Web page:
Delaware's flu season has been very mild this year.

Kent woman becomes state’s first flu death of 21-22 season

Betsy PriceHeadlines, Health

Delaware's flu season has been very mild this year.

The Department of Public Health announced the first flu death of the year Tuesday.

A 54-year-0ld Kent County woman became the first person in Delaware to die of the flu this season, the Delaware Division of Public Health announced Tuesday.
She had underlying health conditions and was not vaccinated before dying of influenza A, the division said. It does not identify victims.
As of April 2, 2022, there have been 1,194 laboratory-confirmed cases of the flu in Delaware this season, which usually runs from October into the late spring.
Of confirmed cases, 623 have been confirmed in New Castle County, 210 in Kent County, and 361 in Sussex County.
Only a fraction of flu cases are checked by labs, and there’s usually hundreds to thousands more cases than formally identified. While the early part of the flu season was relatively calm, cases have risen in the last several weeks, the division said.

“This is a sad and stark reminder that the flu is still very much with us and can be deadly,” said Dr. Karyl Rattay, director of Public Health. “Our thoughts and prayers are with the family and friends of the deceased. Like many states, Delaware has seen an increase in flu cases recently. The prevention strategies are similar to the ones we encourage people to use with COVID-19.”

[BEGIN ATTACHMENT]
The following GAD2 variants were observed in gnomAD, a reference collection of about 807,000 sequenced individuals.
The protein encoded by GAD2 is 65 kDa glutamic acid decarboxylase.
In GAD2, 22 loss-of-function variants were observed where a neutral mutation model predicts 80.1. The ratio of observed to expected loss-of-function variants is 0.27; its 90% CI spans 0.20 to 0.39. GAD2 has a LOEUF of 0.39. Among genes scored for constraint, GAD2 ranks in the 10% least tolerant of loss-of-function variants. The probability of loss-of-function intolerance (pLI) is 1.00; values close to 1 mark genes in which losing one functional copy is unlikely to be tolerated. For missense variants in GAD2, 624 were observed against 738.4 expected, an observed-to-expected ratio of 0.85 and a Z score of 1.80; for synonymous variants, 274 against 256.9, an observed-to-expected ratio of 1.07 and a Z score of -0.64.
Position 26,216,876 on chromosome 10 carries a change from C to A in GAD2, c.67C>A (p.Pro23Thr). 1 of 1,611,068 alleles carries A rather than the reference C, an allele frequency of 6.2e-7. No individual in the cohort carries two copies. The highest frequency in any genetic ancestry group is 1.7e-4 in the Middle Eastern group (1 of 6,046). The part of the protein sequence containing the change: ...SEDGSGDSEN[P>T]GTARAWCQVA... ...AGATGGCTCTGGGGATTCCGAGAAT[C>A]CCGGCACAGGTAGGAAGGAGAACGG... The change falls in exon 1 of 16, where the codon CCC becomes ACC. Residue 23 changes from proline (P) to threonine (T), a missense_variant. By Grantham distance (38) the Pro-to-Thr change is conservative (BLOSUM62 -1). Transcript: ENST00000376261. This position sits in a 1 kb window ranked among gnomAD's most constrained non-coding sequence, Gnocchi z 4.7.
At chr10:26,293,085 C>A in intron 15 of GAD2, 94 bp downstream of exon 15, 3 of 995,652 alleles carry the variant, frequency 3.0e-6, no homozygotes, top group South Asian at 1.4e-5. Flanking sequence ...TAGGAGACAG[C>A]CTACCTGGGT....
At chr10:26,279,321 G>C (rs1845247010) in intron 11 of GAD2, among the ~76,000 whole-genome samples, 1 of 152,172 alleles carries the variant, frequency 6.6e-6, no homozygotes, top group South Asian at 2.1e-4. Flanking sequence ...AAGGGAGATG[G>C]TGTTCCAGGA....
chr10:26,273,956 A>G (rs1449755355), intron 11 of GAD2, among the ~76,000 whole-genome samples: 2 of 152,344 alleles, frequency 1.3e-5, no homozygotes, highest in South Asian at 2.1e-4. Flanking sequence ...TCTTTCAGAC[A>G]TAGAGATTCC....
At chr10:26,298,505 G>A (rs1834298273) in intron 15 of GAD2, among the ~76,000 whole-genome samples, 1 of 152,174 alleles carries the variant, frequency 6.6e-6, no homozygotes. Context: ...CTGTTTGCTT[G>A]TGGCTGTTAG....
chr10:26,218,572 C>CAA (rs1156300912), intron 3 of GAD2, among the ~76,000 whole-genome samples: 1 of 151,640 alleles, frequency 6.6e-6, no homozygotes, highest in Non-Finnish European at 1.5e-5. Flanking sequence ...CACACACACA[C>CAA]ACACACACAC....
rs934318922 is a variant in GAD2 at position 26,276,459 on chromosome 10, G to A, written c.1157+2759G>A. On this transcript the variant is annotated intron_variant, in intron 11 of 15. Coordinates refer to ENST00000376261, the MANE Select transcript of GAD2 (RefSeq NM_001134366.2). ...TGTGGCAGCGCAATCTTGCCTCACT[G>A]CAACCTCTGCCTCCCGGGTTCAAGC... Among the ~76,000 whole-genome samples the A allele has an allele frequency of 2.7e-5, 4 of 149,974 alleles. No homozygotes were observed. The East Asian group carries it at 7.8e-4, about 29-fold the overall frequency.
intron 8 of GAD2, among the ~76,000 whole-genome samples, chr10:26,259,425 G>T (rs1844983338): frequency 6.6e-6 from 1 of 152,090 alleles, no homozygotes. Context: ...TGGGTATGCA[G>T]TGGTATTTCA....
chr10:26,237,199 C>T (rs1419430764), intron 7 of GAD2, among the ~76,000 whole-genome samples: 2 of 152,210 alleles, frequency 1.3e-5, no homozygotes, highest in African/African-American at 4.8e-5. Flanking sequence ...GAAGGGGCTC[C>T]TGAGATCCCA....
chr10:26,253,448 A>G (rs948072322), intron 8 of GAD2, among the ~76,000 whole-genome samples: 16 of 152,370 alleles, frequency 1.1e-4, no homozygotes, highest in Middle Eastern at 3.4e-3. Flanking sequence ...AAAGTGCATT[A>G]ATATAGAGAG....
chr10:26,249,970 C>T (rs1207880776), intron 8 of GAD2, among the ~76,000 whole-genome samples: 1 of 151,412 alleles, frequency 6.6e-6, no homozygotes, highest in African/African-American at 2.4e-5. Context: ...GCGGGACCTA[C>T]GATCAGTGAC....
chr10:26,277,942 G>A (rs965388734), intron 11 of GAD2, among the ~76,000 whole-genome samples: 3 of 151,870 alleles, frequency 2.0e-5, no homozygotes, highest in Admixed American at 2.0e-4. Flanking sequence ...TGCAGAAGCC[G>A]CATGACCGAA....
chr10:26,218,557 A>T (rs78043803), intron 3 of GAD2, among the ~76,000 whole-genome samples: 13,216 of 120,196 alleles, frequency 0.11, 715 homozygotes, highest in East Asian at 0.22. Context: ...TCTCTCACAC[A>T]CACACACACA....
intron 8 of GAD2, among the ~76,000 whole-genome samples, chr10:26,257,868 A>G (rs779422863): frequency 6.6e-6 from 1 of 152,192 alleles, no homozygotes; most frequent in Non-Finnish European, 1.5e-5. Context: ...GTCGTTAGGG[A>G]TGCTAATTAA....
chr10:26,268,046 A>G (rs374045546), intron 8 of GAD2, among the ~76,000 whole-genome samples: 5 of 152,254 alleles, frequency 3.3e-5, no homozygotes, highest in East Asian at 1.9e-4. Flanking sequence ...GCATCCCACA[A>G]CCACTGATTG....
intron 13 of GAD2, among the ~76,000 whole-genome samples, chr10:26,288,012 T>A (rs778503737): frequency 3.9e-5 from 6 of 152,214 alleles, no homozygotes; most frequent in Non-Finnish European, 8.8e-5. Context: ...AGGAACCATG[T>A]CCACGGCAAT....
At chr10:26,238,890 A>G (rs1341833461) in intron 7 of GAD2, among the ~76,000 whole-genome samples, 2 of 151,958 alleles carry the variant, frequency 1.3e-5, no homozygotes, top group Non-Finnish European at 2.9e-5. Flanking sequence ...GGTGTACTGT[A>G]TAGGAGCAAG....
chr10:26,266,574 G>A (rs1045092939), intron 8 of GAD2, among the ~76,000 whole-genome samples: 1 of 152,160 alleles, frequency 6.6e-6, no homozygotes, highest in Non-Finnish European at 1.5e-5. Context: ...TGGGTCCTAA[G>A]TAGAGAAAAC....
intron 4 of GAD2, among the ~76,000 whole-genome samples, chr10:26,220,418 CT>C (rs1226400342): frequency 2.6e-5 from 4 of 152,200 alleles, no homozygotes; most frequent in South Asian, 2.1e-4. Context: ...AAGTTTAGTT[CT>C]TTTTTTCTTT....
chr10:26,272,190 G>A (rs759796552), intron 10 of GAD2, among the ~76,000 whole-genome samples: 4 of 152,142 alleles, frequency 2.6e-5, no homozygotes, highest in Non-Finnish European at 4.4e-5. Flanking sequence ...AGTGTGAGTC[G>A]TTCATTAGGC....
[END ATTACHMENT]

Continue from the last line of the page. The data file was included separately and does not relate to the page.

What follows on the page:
Flu symptoms come on suddenly, and include fever, cough, sore throat, runny or stuffy nose, headaches and body aches, chills and fatigue.

Some people get complications including pneumonia, bronchitis, and sinus and ear infections. People with pre-existing health conditions such as diabetes and asthma are more susceptible to catching the flu.

In addition to staying home if you have flu-like symptoms and taking antiviral medication as directed, DPH recommends you:

  • Practice social distancing by keeping your distance from well people if you have cold or flu-like symptoms.
  • Wear a well-fitting face covering if you feel ill and have to go out in public to a doctor’s appointment or pharmacy.
  • Wash your hands frequently with soap and water or use alcohol-based hand sanitizers.
  • Cover coughs and sneezes with a tissue, and dispose of tissues immediately; if no tissue is available, cough or sneeze into your inner elbow.

Social distancing means that those sick with the flu should stay home from work, school, and other gatherings and not return until they have been free of fever – with a temperature of less than 100 degrees F (37.8 degrees C) without the use of fever-reducing medications – for at least 24 hours.

They should avoid close contact with well people in the household and stay well-hydrated by drinking plenty of water and other clear liquids.

Over-the-counter medicines can provide symptom relief, but if you suspect you have influenza, call your primary care provider as he or she may decide to provide antiviral medications to help hasten recovery and prevent serious complications.

This is particularly important for those who feel very sick, are pregnant or have chronic medical conditions.

Flu vaccines are still available at many pharmacies and grocery stores, through primary care physicians and some specialists. To find participating stores, enter your ZIP code in the Centers for Disease Control and Prevention’s flu vaccine finder at

For more information about the flu, visit

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